Example 6

This example reports the results of using a mixture of Octyl methoxycinnamate (A) as the UV absorber (component A) and the diglycidyl ether of 1,4-butanediol as the organic epoxide (component B).

              TABLE 7______________________________________        Δb Ratio Δb RatioQa  Qb        (Experimental) (Calculated)                               Synergy______________________________________40     --    2.3120      5    2.78           1.56    yes20     10    4.85           1.96    yes15     15    2.4            2.07    yes15     20    3.21           2.48    yes10     10    3.66           1.38    yes10     20    6.46           2.19    yes  40    3.22______________________________________
Example 7

This example reports the results of using a mixture of Octyl methoxycinnamate (A) as the UV absorber (component A) and Cresyl glycidyl ether as the organic epoxide (component B).

              TABLE 8______________________________________        Δb Ratio Δb RatioQa  Qb        (Experimental) (Calculated)                               Synergy______________________________________40     --    2.3120      5    1.71           1.50    yes20     10    1.74           1.85    no15     15    2.2            1.91    yes15     20    2.69           2.26    yes10     10    2.05           1.27    yes10     20    2.26           1.97    yes  40    2.78______________________________________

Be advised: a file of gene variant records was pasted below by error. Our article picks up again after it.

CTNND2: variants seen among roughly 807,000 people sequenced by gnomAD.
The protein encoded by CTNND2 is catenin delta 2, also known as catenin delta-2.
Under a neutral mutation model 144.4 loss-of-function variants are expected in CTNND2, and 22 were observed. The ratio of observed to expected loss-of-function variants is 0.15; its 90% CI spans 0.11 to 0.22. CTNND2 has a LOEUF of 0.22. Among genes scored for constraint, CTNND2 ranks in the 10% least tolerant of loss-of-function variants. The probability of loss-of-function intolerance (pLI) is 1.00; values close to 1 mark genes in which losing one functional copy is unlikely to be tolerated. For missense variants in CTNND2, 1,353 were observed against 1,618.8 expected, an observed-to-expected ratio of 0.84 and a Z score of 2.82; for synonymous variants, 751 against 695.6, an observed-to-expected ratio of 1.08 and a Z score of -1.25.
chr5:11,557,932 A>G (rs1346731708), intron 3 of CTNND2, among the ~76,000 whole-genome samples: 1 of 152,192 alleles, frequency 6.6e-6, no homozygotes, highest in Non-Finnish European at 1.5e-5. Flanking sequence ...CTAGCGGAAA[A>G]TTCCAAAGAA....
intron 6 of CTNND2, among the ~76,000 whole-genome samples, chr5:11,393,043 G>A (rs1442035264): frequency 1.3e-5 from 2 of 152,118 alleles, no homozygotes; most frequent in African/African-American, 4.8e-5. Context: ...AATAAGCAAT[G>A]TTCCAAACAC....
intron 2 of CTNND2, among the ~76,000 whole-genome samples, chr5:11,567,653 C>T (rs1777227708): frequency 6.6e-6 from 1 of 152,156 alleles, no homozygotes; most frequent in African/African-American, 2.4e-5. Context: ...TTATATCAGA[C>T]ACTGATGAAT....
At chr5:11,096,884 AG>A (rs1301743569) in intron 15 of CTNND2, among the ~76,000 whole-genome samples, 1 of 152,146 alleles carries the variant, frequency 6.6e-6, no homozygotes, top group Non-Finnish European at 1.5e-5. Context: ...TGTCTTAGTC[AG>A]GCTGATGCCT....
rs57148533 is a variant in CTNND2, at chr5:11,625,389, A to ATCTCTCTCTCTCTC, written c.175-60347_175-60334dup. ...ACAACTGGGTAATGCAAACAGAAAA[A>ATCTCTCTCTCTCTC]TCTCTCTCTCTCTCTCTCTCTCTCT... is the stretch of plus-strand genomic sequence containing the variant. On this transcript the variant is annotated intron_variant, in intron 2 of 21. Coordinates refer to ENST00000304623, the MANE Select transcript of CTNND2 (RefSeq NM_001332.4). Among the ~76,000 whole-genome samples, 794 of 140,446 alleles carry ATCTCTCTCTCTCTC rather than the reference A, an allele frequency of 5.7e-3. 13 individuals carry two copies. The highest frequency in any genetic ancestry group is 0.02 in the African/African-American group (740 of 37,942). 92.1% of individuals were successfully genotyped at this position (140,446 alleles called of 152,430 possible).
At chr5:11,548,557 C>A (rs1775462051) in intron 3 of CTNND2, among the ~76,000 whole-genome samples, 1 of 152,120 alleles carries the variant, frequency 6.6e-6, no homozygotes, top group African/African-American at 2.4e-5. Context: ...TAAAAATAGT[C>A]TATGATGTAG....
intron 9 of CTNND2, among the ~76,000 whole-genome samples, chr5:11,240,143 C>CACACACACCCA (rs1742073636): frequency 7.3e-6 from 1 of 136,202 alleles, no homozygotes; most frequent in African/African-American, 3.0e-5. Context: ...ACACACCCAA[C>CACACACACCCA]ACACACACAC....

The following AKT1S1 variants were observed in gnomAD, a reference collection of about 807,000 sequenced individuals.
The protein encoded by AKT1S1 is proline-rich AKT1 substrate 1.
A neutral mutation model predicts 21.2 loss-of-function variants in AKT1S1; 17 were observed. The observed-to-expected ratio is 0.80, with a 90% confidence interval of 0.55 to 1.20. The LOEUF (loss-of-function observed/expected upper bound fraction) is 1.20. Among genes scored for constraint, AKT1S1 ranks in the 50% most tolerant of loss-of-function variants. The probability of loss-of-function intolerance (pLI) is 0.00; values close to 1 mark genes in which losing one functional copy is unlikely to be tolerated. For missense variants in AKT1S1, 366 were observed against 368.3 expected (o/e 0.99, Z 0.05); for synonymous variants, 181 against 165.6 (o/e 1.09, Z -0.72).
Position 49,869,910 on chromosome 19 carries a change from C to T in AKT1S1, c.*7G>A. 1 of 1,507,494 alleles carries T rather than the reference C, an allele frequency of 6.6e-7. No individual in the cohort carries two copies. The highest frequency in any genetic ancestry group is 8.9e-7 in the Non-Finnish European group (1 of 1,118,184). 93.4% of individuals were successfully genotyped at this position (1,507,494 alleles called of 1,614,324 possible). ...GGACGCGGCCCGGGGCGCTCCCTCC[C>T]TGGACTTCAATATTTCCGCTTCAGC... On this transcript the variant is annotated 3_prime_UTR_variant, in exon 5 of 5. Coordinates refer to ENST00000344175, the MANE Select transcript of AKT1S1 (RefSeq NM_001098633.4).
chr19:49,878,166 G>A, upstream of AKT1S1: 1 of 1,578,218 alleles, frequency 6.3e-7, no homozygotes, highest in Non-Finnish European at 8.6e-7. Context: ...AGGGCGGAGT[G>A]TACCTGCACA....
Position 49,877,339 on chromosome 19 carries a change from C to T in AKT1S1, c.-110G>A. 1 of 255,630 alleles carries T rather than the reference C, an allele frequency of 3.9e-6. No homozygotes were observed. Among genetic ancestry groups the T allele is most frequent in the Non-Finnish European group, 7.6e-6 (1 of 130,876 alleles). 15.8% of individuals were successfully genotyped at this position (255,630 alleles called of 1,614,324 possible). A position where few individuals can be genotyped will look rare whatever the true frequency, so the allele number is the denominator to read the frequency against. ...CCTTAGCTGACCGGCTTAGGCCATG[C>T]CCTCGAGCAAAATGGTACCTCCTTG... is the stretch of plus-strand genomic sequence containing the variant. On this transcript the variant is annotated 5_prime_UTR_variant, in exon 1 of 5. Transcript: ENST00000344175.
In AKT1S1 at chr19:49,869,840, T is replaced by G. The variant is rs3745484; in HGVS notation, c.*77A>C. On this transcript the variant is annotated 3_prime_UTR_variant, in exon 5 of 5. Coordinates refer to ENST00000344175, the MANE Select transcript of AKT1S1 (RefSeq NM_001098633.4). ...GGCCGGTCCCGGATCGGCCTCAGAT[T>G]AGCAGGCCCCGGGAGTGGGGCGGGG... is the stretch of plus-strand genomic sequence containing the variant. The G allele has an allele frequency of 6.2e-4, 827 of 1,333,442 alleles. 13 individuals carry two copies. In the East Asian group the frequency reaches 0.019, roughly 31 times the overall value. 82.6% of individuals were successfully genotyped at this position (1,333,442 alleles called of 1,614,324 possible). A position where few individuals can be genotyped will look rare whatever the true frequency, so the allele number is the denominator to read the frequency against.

Example 8

This example reports the results of using a mixture of Octyl methoxycinnamate (A) as the UV absorber (component A) and trimethylol propane trigylcidyl ether as the organic epoxide (component B).

              TABLE 9______________________________________        Δb Ratio Δb RatioQa  Qb        (Experimental) (Calculated)                               Synergy______________________________________40     --    2.3120      5    1.83           1.50    yes20     10    1.97           1.84    yes15     15    3.1            1.90    yes15     20    2.08           2.24    no10     10    1.61           1.26    yes10     20    1.8            1.95    no  40    2.75______________________________________
Example 9

This example reports the results of using a mixture of Octyl methoxycinnamate (A) as the UV absorber (component A) and Araldite GY506 (supplied by Ciba-Geigy) as the organic epoxide (component B).